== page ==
Ford, Honda, Toyota make case for lower tax rates, more consistent regulations

Officials with Ford, Honda and Toyota, as well as with some key suppliers, told an American  congressional subcommittee that lower tax rates, more consistent regulations and a better-trained workforce would help ensure a strong auto manufacturing sector into the future.

The hearing, convened by the American House Subcommittee on Commerce, Manufacturing and Trade, saw the three competitors largely in agreement in terms of the need for government not to pass along burdensome regulations and to set tax rates and incentives in a consistent manner.

Joseph Hinrichs, Ford’s president of the Americas, testified that lowering the corporate tax rate – which, with a top rate of 35%, is highest among industrialized countries – is key to improving the automaker’s competitive edge worldwide. A lower rate, he said, “frees up capital that can be reinvested in new products, technologies and manufacturing innovation.”

Hinrichs also talked about regulations in the U.S. and trade deals across the globe, saying any agreement that could set common standards for cars and trucks – inside the country or across borders – would help its bottom line. The other automakers largely agreed.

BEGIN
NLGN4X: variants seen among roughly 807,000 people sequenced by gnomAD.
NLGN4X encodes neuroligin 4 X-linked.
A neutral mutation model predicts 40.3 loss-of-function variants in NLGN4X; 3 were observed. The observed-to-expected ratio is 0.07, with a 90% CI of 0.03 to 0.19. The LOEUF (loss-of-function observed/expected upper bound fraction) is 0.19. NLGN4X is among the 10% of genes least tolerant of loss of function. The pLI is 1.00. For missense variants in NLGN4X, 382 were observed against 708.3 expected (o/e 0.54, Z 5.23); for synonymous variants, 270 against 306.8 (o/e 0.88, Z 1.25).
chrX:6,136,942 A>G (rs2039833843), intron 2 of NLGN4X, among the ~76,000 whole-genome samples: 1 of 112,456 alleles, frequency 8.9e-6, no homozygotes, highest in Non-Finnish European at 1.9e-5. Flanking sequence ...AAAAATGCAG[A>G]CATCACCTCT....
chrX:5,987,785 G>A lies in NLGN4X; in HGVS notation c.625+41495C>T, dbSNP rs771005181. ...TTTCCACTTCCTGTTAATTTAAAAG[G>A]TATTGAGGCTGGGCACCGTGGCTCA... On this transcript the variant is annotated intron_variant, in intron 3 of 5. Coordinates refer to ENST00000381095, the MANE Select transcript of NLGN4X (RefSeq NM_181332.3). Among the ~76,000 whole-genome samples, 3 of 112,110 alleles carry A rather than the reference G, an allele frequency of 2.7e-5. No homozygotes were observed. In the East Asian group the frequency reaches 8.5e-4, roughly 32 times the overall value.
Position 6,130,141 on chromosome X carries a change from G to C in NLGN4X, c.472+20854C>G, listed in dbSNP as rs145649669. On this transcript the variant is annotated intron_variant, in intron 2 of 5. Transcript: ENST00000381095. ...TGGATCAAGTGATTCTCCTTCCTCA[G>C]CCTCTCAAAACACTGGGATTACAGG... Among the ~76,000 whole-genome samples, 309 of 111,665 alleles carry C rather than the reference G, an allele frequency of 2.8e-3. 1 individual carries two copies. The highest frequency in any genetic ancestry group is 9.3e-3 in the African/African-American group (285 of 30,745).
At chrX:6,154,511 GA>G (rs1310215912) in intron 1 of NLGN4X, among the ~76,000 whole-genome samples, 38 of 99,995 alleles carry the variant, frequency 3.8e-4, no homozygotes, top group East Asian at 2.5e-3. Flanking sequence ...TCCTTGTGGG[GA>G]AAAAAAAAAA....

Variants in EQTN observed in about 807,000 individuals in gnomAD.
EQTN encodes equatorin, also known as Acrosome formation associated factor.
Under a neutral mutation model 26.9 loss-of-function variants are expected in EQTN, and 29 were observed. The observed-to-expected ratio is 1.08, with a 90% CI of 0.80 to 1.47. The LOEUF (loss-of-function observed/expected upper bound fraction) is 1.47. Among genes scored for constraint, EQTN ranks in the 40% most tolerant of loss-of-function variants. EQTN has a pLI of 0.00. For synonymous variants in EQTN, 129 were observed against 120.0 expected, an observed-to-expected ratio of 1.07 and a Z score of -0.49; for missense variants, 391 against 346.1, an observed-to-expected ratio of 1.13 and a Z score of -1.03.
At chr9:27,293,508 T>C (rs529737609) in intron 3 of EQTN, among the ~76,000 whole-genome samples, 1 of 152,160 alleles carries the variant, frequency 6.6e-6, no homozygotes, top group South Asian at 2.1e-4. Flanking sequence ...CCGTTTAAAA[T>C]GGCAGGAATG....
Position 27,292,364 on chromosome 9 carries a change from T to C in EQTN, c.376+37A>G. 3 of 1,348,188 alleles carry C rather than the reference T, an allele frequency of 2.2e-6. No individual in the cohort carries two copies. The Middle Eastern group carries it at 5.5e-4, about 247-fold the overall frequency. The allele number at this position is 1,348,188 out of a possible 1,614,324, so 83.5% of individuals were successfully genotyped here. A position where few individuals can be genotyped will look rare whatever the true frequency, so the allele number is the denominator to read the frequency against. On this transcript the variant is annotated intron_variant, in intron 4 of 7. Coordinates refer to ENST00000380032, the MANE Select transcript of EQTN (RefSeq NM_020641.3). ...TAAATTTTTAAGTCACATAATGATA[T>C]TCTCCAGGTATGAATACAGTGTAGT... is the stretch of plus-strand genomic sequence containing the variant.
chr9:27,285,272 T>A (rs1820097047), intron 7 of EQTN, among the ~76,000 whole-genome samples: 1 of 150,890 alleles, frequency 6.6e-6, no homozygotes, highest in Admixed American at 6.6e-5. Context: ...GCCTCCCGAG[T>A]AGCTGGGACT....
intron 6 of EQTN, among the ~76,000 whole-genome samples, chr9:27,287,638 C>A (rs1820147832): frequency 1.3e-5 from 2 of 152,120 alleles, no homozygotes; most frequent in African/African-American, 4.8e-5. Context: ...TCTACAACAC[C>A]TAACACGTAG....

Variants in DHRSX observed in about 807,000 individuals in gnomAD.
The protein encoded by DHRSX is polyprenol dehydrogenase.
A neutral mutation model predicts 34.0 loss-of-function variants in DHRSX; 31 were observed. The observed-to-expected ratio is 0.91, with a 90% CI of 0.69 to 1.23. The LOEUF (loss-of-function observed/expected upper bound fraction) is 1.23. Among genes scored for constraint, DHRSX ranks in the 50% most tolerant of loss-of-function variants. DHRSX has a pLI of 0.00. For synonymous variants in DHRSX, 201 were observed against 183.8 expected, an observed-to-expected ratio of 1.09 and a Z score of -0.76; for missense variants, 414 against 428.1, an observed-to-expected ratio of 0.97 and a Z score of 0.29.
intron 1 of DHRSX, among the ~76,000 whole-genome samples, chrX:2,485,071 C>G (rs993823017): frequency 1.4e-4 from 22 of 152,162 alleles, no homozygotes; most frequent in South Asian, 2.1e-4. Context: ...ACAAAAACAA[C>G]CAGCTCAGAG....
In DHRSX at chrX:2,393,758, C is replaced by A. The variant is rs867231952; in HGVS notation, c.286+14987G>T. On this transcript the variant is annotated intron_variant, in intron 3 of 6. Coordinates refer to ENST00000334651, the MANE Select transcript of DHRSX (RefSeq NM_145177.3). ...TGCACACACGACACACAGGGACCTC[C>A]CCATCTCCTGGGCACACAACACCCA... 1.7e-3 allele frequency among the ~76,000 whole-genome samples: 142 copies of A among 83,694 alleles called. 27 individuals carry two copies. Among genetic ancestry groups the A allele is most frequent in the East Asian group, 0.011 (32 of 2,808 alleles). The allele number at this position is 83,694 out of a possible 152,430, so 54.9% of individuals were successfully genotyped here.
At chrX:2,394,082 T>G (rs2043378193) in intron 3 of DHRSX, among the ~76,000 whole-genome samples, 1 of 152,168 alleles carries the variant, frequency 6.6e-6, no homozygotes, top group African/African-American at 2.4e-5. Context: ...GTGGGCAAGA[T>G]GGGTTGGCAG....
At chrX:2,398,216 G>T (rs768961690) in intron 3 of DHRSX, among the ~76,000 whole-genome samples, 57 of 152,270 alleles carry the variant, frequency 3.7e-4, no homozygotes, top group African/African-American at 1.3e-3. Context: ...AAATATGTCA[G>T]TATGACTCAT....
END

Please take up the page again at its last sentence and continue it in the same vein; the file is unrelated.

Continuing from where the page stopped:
While Hinrichs said a proposed free-trade agreement with the European Union could lead to such standards, he raised – through questioning by U.S. Rep. John Dingell, D-Dearborn – concerns that letting Japan into a proposed Trans-Pacific Partnership agreement could allow that country to continue nontariff trade barriers already in place.

Dingell and others have argued that Japan should be forced to make significant strides in lowering trade barriers before being allowed to join the TPP. In his comments, Dingell said foreign automakers control no more than 5% of the market share in Japan, a country whose auto market, he added, has been “closed tighter than a drum since World War II.”

To a great extent, the hearing was a celebratory one, with members noting the job gains made by the auto industry in the U.S. in recent years. Taking part in a second panel after Hinrich’s testimony were James Wehrman, senior vice president of Honda of America, and Chris Nielsen, president of Toyota Motor Manufacturing’s Texas subsidiary.

In his testimony, Wehrman said Honda expects to increase its exports of autos and parts from the U.S. to other countries, and that free trade agreements are a key part of that. But he – like Nielsen – said workforce training is key, with companies having a hard time attracting skilled workers.

Also testifying was William Smith, government affairs and community relations director for supplier American Axle & Manufacturing. He, as well as others, said that a steady supply of cheap energy is needed for the companies to retain a competitive edge. Smith also noted that construction of the Keystone XL pipeline from Canada could help with that.